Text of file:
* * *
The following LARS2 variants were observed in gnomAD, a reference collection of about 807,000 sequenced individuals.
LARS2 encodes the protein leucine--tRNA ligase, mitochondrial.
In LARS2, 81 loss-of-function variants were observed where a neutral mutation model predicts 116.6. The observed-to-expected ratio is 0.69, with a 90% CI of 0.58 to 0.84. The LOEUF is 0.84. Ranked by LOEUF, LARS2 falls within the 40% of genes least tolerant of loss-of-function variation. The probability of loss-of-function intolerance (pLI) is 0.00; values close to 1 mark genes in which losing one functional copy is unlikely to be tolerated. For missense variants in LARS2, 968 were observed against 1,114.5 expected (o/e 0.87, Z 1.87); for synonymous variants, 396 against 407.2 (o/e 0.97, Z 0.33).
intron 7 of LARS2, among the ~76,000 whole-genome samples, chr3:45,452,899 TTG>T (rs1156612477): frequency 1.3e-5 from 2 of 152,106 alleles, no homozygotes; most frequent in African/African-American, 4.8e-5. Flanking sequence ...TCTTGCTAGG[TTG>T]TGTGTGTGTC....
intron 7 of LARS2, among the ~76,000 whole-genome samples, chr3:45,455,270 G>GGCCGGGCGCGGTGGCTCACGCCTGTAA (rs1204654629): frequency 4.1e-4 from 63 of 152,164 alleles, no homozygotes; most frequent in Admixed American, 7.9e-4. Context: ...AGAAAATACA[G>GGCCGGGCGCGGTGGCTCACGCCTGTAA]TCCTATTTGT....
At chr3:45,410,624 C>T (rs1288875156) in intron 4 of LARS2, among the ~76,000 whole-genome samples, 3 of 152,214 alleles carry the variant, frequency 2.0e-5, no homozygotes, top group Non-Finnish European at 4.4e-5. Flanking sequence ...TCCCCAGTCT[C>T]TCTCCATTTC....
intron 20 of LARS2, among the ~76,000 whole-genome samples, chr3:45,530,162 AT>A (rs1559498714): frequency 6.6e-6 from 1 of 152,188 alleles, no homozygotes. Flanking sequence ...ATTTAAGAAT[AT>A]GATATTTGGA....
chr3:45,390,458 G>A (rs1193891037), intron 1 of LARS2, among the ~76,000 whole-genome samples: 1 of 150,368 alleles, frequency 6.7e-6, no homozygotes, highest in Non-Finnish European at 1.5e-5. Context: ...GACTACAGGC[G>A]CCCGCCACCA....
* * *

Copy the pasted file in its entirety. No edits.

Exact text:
The following LARS2 variants were observed in gnomAD, a reference collection of about 807,000 sequenced individuals.
LARS2 encodes the protein leucine--tRNA ligase, mitochondrial.
In LARS2, 81 loss-of-function variants were observed where a neutral mutation model predicts 116.6. The observed-to-expected ratio is 0.69, with a 90% CI of 0.58 to 0.84. The LOEUF is 0.84. Ranked by LOEUF, LARS2 falls within the 40% of genes least tolerant of loss-of-function variation. The probability of loss-of-function intolerance (pLI) is 0.00; values close to 1 mark genes in which losing one functional copy is unlikely to be tolerated. For missense variants in LARS2, 968 were observed against 1,114.5 expected (o/e 0.87, Z 1.87); for synonymous variants, 396 against 407.2 (o/e 0.97, Z 0.33).
intron 7 of LARS2, among the ~76,000 whole-genome samples, chr3:45,452,899 TTG>T (rs1156612477): frequency 1.3e-5 from 2 of 152,106 alleles, no homozygotes; most frequent in African/African-American, 4.8e-5. Flanking sequence ...TCTTGCTAGG[TTG>T]TGTGTGTGTC....
intron 7 of LARS2, among the ~76,000 whole-genome samples, chr3:45,455,270 G>GGCCGGGCGCGGTGGCTCACGCCTGTAA (rs1204654629): frequency 4.1e-4 from 63 of 152,164 alleles, no homozygotes; most frequent in Admixed American, 7.9e-4. Context: ...AGAAAATACA[G>GGCCGGGCGCGGTGGCTCACGCCTGTAA]TCCTATTTGT....
At chr3:45,410,624 C>T (rs1288875156) in intron 4 of LARS2, among the ~76,000 whole-genome samples, 3 of 152,214 alleles carry the variant, frequency 2.0e-5, no homozygotes, top group Non-Finnish European at 4.4e-5. Flanking sequence ...TCCCCAGTCT[C>T]TCTCCATTTC....
intron 20 of LARS2, among the ~76,000 whole-genome samples, chr3:45,530,162 AT>A (rs1559498714): frequency 6.6e-6 from 1 of 152,188 alleles, no homozygotes. Flanking sequence ...ATTTAAGAAT[AT>A]GATATTTGGA....
chr3:45,390,458 G>A (rs1193891037), intron 1 of LARS2, among the ~76,000 whole-genome samples: 1 of 150,368 alleles, frequency 6.7e-6, no homozygotes, highest in Non-Finnish European at 1.5e-5. Context: ...GACTACAGGC[G>A]CCCGCCACCA....